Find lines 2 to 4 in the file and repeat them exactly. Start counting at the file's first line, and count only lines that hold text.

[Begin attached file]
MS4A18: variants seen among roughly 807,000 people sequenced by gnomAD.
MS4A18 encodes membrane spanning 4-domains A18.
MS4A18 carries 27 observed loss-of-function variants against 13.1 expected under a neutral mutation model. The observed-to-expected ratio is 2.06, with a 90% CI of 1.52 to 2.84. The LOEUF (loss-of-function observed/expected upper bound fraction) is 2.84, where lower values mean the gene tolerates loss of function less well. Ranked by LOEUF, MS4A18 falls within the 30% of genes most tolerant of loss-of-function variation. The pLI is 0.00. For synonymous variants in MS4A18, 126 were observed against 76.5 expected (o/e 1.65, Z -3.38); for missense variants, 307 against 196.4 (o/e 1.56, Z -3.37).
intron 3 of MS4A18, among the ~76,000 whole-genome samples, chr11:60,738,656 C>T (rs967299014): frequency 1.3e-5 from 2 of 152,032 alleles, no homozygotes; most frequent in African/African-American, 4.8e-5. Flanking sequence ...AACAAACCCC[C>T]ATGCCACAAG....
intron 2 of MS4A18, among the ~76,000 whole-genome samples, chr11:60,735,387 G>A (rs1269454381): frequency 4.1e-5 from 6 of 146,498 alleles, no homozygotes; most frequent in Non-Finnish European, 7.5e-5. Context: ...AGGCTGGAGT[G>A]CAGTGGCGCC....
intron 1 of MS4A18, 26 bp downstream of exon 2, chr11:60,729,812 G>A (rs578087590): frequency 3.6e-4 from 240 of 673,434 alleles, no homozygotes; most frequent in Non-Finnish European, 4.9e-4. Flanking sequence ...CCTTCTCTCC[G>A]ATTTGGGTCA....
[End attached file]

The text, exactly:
MS4A18 encodes membrane spanning 4-domains A18.
MS4A18 carries 27 observed loss-of-function variants against 13.1 expected under a neutral mutation model. The observed-to-expected ratio is 2.06, with a 90% CI of 1.52 to 2.84. The LOEUF (loss-of-function observed/expected upper bound fraction) is 2.84, where lower values mean the gene tolerates loss of function less well. Ranked by LOEUF, MS4A18 falls within the 30% of genes most tolerant of loss-of-function variation. The pLI is 0.00. For synonymous variants in MS4A18, 126 were observed against 76.5 expected (o/e 1.65, Z -3.38); for missense variants, 307 against 196.4 (o/e 1.56, Z -3.37).
intron 3 of MS4A18, among the ~76,000 whole-genome samples, chr11:60,738,656 C>T (rs967299014): frequency 1.3e-5 from 2 of 152,032 alleles, no homozygotes; most frequent in African/African-American, 4.8e-5. Flanking sequence ...AACAAACCCC[C>T]ATGCCACAAG....